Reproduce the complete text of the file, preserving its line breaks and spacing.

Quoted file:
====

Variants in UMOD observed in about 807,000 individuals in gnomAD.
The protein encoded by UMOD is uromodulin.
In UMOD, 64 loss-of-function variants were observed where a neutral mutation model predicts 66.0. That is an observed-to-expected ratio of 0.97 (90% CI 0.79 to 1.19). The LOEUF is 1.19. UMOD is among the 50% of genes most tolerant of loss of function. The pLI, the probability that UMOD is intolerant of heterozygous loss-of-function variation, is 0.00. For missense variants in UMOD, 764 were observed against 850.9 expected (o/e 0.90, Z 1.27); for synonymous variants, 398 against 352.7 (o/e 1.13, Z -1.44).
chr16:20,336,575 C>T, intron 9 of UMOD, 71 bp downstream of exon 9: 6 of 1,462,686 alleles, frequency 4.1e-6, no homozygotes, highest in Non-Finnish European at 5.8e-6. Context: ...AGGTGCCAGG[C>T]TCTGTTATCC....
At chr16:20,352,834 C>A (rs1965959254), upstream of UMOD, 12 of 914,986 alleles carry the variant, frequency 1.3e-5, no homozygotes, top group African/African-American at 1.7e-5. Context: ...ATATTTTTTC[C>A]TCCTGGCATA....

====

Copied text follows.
Variants in UMOD observed in about 807,000 individuals in gnomAD.
The protein encoded by UMOD is uromodulin.
In UMOD, 64 loss-of-function variants were observed where a neutral mutation model predicts 66.0. That is an observed-to-expected ratio of 0.97 (90% CI 0.79 to 1.19). The LOEUF is 1.19. UMOD is among the 50% of genes most tolerant of loss of function. The pLI, the probability that UMOD is intolerant of heterozygous loss-of-function variation, is 0.00. For missense variants in UMOD, 764 were observed against 850.9 expected (o/e 0.90, Z 1.27); for synonymous variants, 398 against 352.7 (o/e 1.13, Z -1.44).
chr16:20,336,575 C>T, intron 9 of UMOD, 71 bp downstream of exon 9: 6 of 1,462,686 alleles, frequency 4.1e-6, no homozygotes, highest in Non-Finnish European at 5.8e-6. Context: ...AGGTGCCAGG[C>T]TCTGTTATCC....
At chr16:20,352,834 C>A (rs1965959254), upstream of UMOD, 12 of 914,986 alleles carry the variant, frequency 1.3e-5, no homozygotes, top group African/African-American at 1.7e-5. Context: ...ATATTTTTTC[C>A]TCCTGGCATA....